|Nigeria Table of Contents
Welfare concerns in Nigeria were primarily related to its general lack of development and the effects on the society of the economic stringency of the 1980s. Given the steady population growth and the decline in urban services and incomes since 1980, it was difficult not to conclude that for the mass of the people at the lower income level, malnutrition, poor health, and overcrowded housing were perpetual problems.
Nigeria had no social security system. Less than 1 percent of the population older than sixty years received pensions. Because of the younger age of urban migrants, there were fewer older people per family unit in urban areas. Official statistics were questionable, however, because at least one survey indicated a number of elderly living alone in northern cities or homeless persons living on the streets and begging. There was some evidence that the traditional practice of caring for parents was beginning to erode under harsh conditions of scarcity in urban areas. In rural Nigeria, it was still the rule that older people were cared for by their children, grandchildren, spouses, siblings, or even ex-spouses. The ubiquity of this tradition left open, however, the possibility of real hardship for urban elderly whose families had moved away or abandoned them.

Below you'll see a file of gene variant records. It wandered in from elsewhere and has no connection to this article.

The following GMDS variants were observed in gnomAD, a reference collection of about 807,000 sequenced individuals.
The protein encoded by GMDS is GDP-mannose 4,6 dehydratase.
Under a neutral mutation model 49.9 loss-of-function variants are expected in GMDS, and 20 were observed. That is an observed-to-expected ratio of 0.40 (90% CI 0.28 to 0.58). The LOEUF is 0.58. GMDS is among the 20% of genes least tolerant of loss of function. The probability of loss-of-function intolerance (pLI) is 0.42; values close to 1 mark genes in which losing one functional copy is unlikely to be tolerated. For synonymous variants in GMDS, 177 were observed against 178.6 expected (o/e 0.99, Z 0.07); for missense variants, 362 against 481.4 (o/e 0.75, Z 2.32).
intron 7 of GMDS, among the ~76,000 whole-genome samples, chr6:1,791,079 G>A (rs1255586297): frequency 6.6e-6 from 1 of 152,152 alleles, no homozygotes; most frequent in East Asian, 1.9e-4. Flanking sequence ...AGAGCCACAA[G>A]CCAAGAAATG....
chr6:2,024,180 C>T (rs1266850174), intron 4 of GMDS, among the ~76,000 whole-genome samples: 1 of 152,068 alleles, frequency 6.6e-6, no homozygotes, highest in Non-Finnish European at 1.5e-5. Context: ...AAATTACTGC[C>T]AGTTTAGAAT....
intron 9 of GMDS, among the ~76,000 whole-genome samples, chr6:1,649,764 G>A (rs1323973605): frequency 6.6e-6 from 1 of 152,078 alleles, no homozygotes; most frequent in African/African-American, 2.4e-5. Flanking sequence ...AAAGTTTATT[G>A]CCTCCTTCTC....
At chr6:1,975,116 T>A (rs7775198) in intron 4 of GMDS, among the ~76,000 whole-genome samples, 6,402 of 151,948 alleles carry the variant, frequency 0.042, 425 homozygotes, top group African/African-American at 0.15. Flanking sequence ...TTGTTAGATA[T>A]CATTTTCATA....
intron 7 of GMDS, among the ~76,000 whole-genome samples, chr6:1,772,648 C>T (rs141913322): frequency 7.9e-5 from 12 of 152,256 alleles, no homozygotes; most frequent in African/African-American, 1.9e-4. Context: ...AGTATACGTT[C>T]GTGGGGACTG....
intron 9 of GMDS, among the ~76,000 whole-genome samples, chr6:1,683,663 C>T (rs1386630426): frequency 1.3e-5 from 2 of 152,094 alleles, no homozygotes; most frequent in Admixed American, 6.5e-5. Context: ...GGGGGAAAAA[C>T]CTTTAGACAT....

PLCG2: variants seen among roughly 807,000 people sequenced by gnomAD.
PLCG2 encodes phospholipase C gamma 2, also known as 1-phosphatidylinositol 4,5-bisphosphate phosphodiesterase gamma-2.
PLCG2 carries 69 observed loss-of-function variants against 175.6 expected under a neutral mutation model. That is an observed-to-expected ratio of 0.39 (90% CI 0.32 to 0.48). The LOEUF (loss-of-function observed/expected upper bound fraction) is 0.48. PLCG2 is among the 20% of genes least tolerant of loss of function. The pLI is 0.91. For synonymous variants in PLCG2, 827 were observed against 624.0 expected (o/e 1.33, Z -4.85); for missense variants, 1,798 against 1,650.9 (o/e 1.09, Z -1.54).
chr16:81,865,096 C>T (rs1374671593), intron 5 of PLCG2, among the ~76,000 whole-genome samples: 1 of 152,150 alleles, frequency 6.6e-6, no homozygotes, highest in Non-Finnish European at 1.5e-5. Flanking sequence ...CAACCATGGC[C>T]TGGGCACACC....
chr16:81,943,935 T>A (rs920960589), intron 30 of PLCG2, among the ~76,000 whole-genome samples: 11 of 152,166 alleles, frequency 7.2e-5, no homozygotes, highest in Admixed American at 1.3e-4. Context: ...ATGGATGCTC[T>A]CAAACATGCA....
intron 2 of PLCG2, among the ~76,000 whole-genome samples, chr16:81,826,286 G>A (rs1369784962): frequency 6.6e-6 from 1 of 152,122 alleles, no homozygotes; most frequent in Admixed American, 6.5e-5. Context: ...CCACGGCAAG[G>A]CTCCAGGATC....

Traditionally, family problems with spouses or children were handled by extended kinship groups and local authorities. For the most part, this practice continued in the rural areas. In urban settings, social services were either absent or rare for family conflict, for abandoned or runaway children, for foster children, or for children under the care of religious instructors.
As with many other Third World nations, Nigeria had many social welfare problems that needed attention. The existence of a relatively free press combined with a history of self-criticism-- in journalism, the arts, the social sciences, and by religious and political leaders were promising indications of the awareness and public debate required for change and adaptive response to its social problems.
Source: U.S. Library of Congress